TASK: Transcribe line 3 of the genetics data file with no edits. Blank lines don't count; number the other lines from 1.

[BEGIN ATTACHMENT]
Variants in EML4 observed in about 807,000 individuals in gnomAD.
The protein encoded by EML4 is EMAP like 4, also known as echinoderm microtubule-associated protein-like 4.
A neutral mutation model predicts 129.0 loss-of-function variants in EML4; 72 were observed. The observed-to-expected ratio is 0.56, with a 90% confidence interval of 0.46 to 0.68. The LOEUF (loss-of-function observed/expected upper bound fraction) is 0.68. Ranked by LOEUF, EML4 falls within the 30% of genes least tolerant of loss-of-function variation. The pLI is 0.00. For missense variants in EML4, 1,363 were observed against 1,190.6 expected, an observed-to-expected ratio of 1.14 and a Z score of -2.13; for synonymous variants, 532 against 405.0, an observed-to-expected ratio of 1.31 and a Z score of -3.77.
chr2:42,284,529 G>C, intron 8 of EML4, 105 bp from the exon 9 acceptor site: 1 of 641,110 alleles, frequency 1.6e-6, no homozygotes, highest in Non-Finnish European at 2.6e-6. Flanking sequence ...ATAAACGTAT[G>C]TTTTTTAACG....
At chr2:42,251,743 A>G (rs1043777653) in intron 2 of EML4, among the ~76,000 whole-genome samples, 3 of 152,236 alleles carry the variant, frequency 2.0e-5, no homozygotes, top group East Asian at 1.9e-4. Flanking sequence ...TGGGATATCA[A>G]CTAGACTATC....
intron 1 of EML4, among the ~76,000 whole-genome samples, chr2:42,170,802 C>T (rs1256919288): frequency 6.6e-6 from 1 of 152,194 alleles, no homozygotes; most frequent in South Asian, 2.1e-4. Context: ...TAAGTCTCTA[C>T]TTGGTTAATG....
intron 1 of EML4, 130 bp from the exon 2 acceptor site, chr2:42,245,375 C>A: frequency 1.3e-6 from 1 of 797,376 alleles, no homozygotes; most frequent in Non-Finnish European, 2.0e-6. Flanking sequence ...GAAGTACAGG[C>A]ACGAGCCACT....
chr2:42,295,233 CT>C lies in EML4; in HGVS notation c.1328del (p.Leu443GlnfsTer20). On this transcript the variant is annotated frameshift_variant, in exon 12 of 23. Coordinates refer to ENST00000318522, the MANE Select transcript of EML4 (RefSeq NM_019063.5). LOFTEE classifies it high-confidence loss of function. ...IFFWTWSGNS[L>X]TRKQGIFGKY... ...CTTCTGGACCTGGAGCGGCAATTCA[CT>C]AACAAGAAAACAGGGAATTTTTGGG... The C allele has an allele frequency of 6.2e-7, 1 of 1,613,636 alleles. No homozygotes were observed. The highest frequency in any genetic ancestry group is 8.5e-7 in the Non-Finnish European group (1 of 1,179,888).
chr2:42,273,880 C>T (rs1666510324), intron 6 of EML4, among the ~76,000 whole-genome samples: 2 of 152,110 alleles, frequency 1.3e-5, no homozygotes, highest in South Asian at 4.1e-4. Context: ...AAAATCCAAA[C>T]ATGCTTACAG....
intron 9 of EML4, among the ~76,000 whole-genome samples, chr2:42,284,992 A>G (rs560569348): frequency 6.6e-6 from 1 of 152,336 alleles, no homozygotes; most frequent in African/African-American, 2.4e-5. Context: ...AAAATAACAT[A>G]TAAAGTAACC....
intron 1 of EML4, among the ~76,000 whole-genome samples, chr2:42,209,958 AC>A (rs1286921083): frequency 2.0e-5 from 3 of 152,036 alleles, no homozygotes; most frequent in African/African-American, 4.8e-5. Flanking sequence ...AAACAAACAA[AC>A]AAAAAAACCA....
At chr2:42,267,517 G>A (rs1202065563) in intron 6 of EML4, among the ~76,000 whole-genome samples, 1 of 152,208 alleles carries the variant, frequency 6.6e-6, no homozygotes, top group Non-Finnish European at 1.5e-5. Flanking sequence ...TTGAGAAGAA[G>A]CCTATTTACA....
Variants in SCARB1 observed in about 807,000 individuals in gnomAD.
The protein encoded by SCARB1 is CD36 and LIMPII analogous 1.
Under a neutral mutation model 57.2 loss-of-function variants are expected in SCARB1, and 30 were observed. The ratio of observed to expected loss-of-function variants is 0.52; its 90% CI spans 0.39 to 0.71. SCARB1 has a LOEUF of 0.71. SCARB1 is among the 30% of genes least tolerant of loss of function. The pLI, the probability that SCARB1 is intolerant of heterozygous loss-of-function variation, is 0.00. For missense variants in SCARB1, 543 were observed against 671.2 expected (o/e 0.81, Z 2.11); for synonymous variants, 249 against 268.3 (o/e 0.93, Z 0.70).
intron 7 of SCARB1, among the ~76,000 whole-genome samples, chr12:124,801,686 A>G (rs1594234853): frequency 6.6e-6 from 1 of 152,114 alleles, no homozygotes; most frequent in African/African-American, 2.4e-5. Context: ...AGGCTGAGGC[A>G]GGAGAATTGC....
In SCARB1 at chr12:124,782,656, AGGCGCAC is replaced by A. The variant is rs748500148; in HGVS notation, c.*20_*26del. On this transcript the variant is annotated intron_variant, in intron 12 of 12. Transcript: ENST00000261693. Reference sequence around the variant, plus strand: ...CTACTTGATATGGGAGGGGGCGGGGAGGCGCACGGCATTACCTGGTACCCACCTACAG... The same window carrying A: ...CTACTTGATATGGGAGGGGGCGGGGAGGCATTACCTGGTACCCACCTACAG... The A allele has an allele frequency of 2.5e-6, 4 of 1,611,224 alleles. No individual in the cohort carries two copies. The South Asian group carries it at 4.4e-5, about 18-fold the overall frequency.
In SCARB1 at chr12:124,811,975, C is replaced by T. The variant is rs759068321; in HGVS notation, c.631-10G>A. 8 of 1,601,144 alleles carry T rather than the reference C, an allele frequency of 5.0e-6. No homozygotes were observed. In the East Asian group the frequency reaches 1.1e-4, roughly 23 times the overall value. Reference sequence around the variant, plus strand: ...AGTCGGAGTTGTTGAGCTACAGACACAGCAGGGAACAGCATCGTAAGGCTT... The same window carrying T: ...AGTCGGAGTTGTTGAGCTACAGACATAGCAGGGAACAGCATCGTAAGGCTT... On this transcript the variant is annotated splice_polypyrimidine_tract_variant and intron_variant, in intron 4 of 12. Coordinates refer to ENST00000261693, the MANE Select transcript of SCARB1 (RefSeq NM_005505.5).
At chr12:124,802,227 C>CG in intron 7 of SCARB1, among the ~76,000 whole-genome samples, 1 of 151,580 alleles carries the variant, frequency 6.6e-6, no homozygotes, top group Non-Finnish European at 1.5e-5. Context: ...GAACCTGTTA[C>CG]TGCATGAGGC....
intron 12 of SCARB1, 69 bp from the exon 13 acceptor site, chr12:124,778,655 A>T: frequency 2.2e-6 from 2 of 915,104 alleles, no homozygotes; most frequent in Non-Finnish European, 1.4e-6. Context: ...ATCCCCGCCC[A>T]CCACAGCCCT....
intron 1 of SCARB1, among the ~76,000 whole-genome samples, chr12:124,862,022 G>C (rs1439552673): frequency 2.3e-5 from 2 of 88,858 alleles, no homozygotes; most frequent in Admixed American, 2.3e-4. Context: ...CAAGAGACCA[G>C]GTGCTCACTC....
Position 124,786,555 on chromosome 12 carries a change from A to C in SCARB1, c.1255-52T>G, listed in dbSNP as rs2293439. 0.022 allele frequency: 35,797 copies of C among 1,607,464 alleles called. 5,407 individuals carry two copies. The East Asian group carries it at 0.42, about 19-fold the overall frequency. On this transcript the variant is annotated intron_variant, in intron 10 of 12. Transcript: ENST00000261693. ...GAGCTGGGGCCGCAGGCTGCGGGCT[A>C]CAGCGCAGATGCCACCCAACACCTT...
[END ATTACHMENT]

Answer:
A neutral mutation model predicts 129.0 loss-of-function variants in EML4; 72 were observed. The observed-to-expected ratio is 0.56, with a 90% confidence interval of 0.46 to 0.68. The LOEUF (loss-of-function observed/expected upper bound fraction) is 0.68. Ranked by LOEUF, EML4 falls within the 30% of genes least tolerant of loss-of-function variation. The pLI is 0.00. For missense variants in EML4, 1,363 were observed against 1,190.6 expected, an observed-to-expected ratio of 1.14 and a Z score of -2.13; for synonymous variants, 532 against 405.0, an observed-to-expected ratio of 1.31 and a Z score of -3.77.